Occasional snoring is a normal thing; you could pass out from exhaustion or go to bed with a cold and start breathing heavily, and within the hour, start snoring audibly. This is not cause for alarm, but if it gets out of hand the way it does with most Americans, you would be dealing with a nightly habit that was not just annoying, but also dangerous in the long run. Snoring can lead to many different disorders as well as mask their presence – the symptoms of the latter can often get mistaken for snore-induced fatigue.
OSA or Obstructive Sleep Apnea is one of those problems that can manage to stay hidden for a very long time. Around 20 million people in the country suffer from this, and it has been shown to have links to other health issues like heart disease, obesity, high blood pressure, and diabetes.
How are OSA and Snoring Different?
It is not uncommon for snoring and sleep apnea to be confused for one another. The main thing to remember is that not all snorers have sleep apnea, even though untreated OSA sufferers snore as a rule. Snoring is a noise caused by the type of labored breathing that causes the soft tissue at the back of the throat to vibrate. This owes to blockage in the nose, mouth, or throat, any of which can disrupt normal breathing, which can be overcome through the use of a snore guard. The following are some of the causes these blocks can be attributed to.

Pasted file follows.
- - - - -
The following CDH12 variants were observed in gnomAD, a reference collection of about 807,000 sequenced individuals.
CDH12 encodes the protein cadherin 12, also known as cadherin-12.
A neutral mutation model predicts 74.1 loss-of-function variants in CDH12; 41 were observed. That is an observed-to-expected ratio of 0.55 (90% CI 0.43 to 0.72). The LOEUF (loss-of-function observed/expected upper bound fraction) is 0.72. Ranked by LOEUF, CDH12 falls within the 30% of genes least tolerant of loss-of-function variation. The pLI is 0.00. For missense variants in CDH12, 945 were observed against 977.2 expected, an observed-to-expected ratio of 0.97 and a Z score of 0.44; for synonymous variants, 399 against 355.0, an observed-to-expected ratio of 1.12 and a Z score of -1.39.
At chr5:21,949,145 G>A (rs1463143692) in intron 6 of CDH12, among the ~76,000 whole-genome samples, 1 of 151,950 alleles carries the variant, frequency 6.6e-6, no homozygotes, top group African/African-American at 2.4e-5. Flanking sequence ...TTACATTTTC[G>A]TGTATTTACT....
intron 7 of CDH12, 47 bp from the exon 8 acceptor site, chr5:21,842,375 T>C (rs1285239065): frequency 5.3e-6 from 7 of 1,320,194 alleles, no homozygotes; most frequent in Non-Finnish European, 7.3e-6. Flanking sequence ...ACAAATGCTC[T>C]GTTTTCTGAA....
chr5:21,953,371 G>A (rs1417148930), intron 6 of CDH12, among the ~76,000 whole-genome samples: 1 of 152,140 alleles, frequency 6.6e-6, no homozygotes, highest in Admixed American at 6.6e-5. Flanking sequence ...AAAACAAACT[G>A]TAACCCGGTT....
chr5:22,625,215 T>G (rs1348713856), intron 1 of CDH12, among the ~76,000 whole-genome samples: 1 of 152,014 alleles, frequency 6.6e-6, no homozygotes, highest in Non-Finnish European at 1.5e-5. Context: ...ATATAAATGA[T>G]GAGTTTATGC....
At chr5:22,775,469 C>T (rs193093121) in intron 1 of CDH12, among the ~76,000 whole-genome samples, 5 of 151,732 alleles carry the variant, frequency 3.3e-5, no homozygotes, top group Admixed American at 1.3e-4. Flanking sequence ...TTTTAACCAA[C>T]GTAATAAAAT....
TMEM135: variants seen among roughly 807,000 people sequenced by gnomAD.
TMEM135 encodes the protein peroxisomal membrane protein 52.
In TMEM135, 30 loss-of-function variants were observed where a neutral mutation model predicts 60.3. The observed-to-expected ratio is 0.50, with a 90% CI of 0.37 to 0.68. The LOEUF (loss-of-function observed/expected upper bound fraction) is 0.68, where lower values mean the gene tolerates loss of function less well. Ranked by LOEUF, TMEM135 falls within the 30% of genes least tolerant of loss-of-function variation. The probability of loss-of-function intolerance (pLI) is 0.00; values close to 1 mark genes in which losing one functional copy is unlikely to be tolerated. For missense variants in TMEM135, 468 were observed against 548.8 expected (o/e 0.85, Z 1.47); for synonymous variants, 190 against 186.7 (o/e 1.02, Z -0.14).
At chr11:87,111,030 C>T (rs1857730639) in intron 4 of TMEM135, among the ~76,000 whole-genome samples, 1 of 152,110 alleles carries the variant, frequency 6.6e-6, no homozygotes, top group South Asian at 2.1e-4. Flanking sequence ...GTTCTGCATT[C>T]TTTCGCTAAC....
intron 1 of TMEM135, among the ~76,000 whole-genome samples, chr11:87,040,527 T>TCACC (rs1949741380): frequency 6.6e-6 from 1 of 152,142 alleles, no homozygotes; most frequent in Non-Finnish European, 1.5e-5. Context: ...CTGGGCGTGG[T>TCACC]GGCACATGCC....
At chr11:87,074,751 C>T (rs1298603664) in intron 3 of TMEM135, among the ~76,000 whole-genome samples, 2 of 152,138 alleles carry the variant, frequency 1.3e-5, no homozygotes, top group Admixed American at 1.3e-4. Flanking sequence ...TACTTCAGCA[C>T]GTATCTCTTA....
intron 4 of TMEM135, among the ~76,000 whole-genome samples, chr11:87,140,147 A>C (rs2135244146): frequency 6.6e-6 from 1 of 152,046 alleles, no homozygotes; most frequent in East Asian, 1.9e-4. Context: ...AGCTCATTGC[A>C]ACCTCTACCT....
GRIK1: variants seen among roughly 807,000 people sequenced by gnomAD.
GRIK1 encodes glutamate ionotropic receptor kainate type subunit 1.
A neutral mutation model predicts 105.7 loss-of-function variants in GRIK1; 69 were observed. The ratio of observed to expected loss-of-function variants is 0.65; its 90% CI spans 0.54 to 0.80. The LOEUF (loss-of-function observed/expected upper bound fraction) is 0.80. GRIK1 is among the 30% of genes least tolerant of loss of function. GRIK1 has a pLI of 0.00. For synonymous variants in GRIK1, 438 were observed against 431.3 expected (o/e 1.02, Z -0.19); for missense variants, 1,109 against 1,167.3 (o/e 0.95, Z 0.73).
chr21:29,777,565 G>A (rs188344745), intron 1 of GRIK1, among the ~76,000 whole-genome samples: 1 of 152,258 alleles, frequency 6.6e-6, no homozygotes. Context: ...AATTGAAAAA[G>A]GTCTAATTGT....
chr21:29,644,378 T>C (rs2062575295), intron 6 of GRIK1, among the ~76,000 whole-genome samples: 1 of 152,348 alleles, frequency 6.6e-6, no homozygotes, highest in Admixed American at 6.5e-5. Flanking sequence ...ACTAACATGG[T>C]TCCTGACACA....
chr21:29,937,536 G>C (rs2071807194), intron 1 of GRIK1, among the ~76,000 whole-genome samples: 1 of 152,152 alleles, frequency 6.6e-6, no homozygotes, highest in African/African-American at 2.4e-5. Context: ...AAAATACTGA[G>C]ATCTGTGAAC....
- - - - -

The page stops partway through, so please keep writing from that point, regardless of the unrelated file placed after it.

- A deviated septum
- Airway obstructions
- Poor muscle tone
Snoring serves as a symptom of sleep apnea, but is otherwise a distinctly different issue. Sleep apnea acts up the form of the person pausing while breaching, sometimes for as long as 10 seconds at a stretch. This disturbs good sleep and can even preclude it, consequently inviting a long list of health issues like difficulty concentrating, daytime drowsiness, anxiety, and depression.
It is possible by yourself to figure out whether you have OSA, but the more definitive approach is to go see a doctor. Most regular doctors would either check you themselves or recommend seeing a sleep specialist. The following would be checked.
- Current physical health
- Medical history
- Sleep study results
A sleep study is an account of how your body responds when something happens while you are asleep. These record your vitals to figure out how severe the condition is, and the specialist proceeds based on the results it gives.